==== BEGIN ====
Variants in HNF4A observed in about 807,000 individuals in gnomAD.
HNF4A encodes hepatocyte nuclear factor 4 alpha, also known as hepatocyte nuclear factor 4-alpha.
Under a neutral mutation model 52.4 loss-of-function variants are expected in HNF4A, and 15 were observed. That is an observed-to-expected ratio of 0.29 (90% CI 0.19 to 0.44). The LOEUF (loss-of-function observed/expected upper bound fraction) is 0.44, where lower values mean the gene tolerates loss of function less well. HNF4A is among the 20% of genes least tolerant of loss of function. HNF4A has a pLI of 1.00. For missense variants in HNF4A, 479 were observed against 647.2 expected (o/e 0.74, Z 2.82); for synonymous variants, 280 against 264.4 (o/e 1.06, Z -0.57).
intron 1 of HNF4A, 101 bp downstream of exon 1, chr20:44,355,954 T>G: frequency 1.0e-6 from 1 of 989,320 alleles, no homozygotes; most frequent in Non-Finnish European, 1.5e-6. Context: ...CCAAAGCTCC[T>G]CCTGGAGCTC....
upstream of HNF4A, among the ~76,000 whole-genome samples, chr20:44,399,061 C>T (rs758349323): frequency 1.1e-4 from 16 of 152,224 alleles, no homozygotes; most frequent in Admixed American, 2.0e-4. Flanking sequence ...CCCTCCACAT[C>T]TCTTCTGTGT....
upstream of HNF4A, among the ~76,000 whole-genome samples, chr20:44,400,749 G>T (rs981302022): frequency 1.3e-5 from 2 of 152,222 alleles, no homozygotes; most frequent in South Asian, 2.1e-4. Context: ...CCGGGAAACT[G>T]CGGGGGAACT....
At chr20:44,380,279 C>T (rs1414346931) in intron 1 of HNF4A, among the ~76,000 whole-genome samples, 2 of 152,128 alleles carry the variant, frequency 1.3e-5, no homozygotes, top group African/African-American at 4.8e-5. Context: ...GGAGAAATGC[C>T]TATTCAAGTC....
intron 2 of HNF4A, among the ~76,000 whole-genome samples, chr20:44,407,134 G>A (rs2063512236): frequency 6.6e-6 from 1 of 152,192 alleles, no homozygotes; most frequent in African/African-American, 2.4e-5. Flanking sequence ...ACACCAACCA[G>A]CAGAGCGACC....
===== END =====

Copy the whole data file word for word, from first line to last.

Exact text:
Variants in HNF4A observed in about 807,000 individuals in gnomAD.
HNF4A encodes hepatocyte nuclear factor 4 alpha, also known as hepatocyte nuclear factor 4-alpha.
Under a neutral mutation model 52.4 loss-of-function variants are expected in HNF4A, and 15 were observed. That is an observed-to-expected ratio of 0.29 (90% CI 0.19 to 0.44). The LOEUF (loss-of-function observed/expected upper bound fraction) is 0.44, where lower values mean the gene tolerates loss of function less well. HNF4A is among the 20% of genes least tolerant of loss of function. HNF4A has a pLI of 1.00. For missense variants in HNF4A, 479 were observed against 647.2 expected (o/e 0.74, Z 2.82); for synonymous variants, 280 against 264.4 (o/e 1.06, Z -0.57).
intron 1 of HNF4A, 101 bp downstream of exon 1, chr20:44,355,954 T>G: frequency 1.0e-6 from 1 of 989,320 alleles, no homozygotes; most frequent in Non-Finnish European, 1.5e-6. Context: ...CCAAAGCTCC[T>G]CCTGGAGCTC....
upstream of HNF4A, among the ~76,000 whole-genome samples, chr20:44,399,061 C>T (rs758349323): frequency 1.1e-4 from 16 of 152,224 alleles, no homozygotes; most frequent in Admixed American, 2.0e-4. Flanking sequence ...CCCTCCACAT[C>T]TCTTCTGTGT....
upstream of HNF4A, among the ~76,000 whole-genome samples, chr20:44,400,749 G>T (rs981302022): frequency 1.3e-5 from 2 of 152,222 alleles, no homozygotes; most frequent in South Asian, 2.1e-4. Context: ...CCGGGAAACT[G>T]CGGGGGAACT....
At chr20:44,380,279 C>T (rs1414346931) in intron 1 of HNF4A, among the ~76,000 whole-genome samples, 2 of 152,128 alleles carry the variant, frequency 1.3e-5, no homozygotes, top group African/African-American at 4.8e-5. Context: ...GGAGAAATGC[C>T]TATTCAAGTC....
intron 2 of HNF4A, among the ~76,000 whole-genome samples, chr20:44,407,134 G>A (rs2063512236): frequency 6.6e-6 from 1 of 152,192 alleles, no homozygotes; most frequent in African/African-American, 2.4e-5. Flanking sequence ...ACACCAACCA[G>A]CAGAGCGACC....